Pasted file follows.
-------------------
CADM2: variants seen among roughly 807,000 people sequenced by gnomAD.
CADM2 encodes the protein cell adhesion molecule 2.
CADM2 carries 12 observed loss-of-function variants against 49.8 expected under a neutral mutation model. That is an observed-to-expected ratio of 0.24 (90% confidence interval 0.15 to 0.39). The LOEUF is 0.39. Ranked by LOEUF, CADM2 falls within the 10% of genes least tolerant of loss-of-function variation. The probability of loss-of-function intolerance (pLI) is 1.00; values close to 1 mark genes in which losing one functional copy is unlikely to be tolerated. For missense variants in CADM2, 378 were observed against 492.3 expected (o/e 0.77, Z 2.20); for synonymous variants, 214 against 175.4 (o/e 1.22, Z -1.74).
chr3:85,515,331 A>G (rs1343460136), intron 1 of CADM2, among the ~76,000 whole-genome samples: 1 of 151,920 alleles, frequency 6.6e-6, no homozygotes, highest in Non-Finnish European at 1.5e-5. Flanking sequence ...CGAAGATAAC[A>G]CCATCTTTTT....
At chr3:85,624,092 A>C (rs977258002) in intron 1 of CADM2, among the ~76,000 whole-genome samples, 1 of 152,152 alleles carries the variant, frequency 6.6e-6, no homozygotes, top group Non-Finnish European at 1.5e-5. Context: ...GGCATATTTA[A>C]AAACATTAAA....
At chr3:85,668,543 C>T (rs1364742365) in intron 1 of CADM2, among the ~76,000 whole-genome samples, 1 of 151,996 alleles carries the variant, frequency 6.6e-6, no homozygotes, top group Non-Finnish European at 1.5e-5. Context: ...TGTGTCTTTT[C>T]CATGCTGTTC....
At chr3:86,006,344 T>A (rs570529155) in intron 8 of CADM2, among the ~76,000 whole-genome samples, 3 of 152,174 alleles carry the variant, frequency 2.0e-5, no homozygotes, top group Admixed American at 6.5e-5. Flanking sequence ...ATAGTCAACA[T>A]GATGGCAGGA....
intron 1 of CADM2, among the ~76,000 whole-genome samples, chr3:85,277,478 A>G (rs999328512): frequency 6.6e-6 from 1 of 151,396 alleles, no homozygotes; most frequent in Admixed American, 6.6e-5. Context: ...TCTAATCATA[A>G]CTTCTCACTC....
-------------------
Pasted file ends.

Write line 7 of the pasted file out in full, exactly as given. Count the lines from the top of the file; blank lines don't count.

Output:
At chr3:86,006,344 T>A (rs570529155) in intron 8 of CADM2, among the ~76,000 whole-genome samples, 3 of 152,174 alleles carry the variant, frequency 2.0e-5, no homozygotes, top group Admixed American at 6.5e-5. Flanking sequence ...ATAGTCAACA[T>A]GATGGCAGGA....